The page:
Private investors get greenlight in wind turbines and solar power

China on Tuesday issued a guideline to greenlight the entry of private capital into the country’s state-dominated power sector, marking the latest move to increase the economy’s efficiency and bolster growth.

The 15-article guideline, issued by the State Electricity Regulatory Commission, gave specific policies regarding the sector’s market access, supervision of fair power coordination, renewable energy network access and price reforms.

The move came after a number of state-run sectors, including the railway, transport and finance sectors, published similar guidelines to encourage the participation of private capital.

The central government in May 2010 published an instruction to allow the presence of private investment in monopolized sectors, but the effort has only recently gained traction, as China’s growth has slowed significantly over the past 11 quarters, dragged down by weak overseas demand.

The guideline said enterprises under all types of ownership are supported to enter the power market, and the access standard for renewable energies such as wind power and solar power will be improved.

Fair treatment will be given to all enterprises, it said, stating that power infrastructure companies owned by private investors will be granted operation certificates.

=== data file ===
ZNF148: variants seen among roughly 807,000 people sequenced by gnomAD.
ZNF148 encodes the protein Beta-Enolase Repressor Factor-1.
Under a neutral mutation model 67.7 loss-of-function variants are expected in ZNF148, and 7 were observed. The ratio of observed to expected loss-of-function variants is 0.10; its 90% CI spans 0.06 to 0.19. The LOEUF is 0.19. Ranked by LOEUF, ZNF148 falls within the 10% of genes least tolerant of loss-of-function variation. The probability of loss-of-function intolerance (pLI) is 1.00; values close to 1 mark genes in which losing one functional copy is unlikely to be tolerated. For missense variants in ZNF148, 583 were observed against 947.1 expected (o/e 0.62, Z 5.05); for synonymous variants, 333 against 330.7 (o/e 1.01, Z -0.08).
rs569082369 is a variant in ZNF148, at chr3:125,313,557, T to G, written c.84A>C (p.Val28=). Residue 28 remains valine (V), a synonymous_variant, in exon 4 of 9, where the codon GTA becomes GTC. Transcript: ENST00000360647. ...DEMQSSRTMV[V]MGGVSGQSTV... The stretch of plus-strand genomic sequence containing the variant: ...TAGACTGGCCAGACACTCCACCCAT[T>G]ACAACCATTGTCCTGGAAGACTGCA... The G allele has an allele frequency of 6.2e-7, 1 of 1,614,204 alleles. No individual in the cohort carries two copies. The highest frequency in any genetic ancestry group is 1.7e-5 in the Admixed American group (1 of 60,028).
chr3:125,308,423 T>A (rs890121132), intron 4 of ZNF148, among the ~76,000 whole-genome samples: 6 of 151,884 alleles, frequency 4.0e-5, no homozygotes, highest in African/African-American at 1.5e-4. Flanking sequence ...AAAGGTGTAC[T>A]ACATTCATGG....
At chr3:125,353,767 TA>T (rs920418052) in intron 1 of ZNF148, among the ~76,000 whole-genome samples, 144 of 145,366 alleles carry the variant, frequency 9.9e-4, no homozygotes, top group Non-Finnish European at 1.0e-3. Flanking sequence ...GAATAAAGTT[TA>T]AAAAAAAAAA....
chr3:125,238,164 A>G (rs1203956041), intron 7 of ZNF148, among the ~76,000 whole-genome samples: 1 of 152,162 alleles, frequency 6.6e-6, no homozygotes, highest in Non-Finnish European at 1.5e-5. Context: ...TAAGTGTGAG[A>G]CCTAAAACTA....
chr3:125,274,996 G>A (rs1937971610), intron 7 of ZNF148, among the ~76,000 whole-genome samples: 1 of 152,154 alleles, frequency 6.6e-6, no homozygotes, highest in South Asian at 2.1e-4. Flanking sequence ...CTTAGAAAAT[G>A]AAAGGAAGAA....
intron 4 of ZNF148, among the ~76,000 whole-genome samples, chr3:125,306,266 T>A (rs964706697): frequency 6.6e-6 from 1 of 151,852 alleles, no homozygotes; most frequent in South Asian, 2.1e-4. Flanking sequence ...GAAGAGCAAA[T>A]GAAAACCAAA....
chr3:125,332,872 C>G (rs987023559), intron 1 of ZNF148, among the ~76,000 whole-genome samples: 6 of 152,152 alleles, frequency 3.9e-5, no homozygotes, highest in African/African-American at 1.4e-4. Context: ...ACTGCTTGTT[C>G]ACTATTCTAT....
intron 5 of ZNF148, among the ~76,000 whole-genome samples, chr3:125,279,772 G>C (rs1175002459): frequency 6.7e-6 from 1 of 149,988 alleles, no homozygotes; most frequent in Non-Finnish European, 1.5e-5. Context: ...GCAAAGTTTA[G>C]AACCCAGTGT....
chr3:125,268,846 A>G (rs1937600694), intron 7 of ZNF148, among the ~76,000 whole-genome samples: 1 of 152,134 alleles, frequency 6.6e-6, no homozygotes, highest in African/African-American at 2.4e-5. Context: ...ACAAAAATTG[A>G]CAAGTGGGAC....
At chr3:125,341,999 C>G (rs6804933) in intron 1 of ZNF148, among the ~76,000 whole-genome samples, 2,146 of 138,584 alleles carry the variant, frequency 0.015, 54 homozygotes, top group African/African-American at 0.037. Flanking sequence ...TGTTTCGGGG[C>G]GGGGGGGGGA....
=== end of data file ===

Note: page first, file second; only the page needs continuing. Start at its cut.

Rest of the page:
It said the government will urge state grid enterprises to strike grid connection contracts and power transactions with private power firms and step up supervision to ensure transparency and fairness.

The guideline also stressed supervision over the sector’s pricing system, vowing to unify the price of electricity for all enterprises, both private and state-owned.

In addition, the government will work to gradually open the power survey and design, construction, consultation and the material and equipment purchasing markets, it said.

According to Lin Boqiang, head of the Energy Economic Research Center of Xiamen University, private investment currently only takes less than 3 percent in the sector’s total investment.